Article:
If you have the misfortune to spend as much time arguing on the Internet as I do, that’s how you know him. His fiction? The most exposure I remember him getting was for A Throne of Bones, a bold attempt to create a healthy Christian alternative to George R. R. Martin’s Game of Thrones/A Song of Ice and Fire franchise.
Beale hasn’t exactly taken the world by storm. I had to look it up to remember what his best-known book was called, and compared to everyone else I know in real life—including and especially the right-leaning SF fans—I’m obsessed with the guy.
And John C. Wright? The literary giant with the record-breaking year in Hugo nominations?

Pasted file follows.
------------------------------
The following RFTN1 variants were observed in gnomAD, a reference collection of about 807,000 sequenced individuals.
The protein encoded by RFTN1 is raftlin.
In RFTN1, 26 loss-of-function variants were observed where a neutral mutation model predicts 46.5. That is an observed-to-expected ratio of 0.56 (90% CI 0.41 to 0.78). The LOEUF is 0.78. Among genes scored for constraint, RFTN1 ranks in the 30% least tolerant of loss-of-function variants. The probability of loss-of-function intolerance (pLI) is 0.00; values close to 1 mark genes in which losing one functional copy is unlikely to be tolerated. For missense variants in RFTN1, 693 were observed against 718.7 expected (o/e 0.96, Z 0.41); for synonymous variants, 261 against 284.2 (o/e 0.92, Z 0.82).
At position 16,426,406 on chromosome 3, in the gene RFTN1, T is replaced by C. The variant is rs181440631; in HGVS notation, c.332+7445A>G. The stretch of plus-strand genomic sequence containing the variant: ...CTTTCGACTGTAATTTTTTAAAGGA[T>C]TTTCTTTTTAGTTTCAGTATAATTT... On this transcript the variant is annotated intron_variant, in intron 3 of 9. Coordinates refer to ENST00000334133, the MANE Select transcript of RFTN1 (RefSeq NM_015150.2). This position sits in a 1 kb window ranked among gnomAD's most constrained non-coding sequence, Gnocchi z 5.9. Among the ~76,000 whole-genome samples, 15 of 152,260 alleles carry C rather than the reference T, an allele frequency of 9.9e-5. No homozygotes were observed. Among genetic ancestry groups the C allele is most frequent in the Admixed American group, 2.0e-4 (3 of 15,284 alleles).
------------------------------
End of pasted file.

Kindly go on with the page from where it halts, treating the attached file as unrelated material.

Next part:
In 2002, John C. Wright’s The Golden Age came out, and like many other readers I thought he was someone to watch. I was actually a fan of his—even followed his LiveJournal and everything—because although The Golden Age was already too preachily right-wing for my comfort, I admired how he managed to pack so many cool ideas into his dense prose.
As time went on, the prose got denser, and so did the ideas.
Most people who’ve heard of Wright as someone other than “that guy who wrote The Golden Age” remember the 2009 massively viral unhinged rant (screenshot here) he posted on his LiveJournal in response to the CEO of the Syfy Network making a vague promise to try harder to include LGBT characters. Highlights include copious use of the term “homosex,” comparisons of gay relationships with bestiality and pederasty—you know, the works.